Your life in Monster High
In a nutshell, Monster High: 13 Wishes is a 3D platformer where you spend most of your time endlessly and aimlessly searching for trinkets to open up new stages and collect more trinkets. The game takes place after the Monster High straight-to-disc film of the same name and pretty much recaps that whole movie in a painful five-minute movie that you can't skip right at the beginning. The game's plot audaciously nullifies everything that happened in the movie and makes you do the same stuff, only now you have to actually do it instead of watching creepy deformed teenage monsters do it. Two people can "play" at once — one as a character on screen, the other as an assistant using the Wii Remote's pointer. Off-screen play is forced — you can't not have off-screen play because the second screen doesn't do anything. If you find yourself interacting with this game, you can at least do everyone a solid and not occupy the television with it, to help contain the misery.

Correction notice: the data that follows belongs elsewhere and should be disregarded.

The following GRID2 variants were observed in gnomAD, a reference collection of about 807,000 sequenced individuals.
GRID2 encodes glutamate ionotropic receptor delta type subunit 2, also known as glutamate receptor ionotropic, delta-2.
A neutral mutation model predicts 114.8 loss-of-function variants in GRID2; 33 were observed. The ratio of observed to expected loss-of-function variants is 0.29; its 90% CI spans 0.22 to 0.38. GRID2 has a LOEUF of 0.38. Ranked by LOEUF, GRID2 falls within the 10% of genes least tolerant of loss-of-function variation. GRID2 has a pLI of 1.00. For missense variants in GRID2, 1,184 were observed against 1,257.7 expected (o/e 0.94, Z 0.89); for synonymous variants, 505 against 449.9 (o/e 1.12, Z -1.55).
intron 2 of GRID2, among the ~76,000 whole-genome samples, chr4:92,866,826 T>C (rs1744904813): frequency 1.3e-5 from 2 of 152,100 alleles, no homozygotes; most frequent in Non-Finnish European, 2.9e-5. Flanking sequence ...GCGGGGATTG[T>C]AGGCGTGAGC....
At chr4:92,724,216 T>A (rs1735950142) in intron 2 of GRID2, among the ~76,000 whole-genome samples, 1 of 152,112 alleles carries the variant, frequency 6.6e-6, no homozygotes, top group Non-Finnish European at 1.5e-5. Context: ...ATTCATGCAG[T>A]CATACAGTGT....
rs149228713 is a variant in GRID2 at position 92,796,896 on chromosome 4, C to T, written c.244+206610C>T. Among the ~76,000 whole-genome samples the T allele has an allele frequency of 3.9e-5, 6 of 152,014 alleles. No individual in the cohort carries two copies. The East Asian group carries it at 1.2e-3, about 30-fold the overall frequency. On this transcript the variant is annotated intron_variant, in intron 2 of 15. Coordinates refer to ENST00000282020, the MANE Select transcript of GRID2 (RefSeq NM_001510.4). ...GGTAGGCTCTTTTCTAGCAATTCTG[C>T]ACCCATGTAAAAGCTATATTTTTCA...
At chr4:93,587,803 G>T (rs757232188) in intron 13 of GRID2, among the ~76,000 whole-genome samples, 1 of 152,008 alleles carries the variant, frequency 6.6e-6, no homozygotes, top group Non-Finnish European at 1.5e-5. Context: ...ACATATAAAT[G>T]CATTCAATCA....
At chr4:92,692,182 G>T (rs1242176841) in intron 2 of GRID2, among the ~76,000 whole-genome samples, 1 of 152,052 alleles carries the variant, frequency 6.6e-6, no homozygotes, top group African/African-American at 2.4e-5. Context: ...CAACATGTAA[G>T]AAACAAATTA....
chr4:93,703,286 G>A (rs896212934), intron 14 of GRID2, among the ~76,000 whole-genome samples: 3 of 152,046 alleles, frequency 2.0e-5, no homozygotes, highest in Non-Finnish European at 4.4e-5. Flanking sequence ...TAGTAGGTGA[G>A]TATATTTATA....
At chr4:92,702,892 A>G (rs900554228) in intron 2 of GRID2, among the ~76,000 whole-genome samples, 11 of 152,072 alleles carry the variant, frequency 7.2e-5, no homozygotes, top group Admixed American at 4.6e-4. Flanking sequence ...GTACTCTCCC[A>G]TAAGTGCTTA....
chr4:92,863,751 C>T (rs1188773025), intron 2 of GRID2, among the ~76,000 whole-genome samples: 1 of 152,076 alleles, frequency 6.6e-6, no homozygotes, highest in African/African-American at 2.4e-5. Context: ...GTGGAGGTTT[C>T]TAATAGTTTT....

Having played more Monster High: 13 Wishes for longer than should be legally allowed, we came up with the following 13 wishes should a genie ever grant us a baker's dozen with the condition that each one centres on this abhorrent excuse for a game. Strange genie, but we'll take any opportunity to air our grievances.
1. We wish the game didn't feel like a tech demo - Presumably Monster High: 13 Wishes exists for the sole reason of being able to plaster the weirdos of Mattel's bratty tweeny-bop goth franchise on a video game box, because whoever ultimately yelled "that's it, we nailed it, make thousands of these!" at the end of development clearly does not care about what's on the disc. 13 Wishes is barely functional as a piece of software and has no redeeming qualities as a piece of entertainment, let alone one asking for $40 to experience. It's as if the team only had time to build the engine, drop in player characters, and then shipped the alpha version.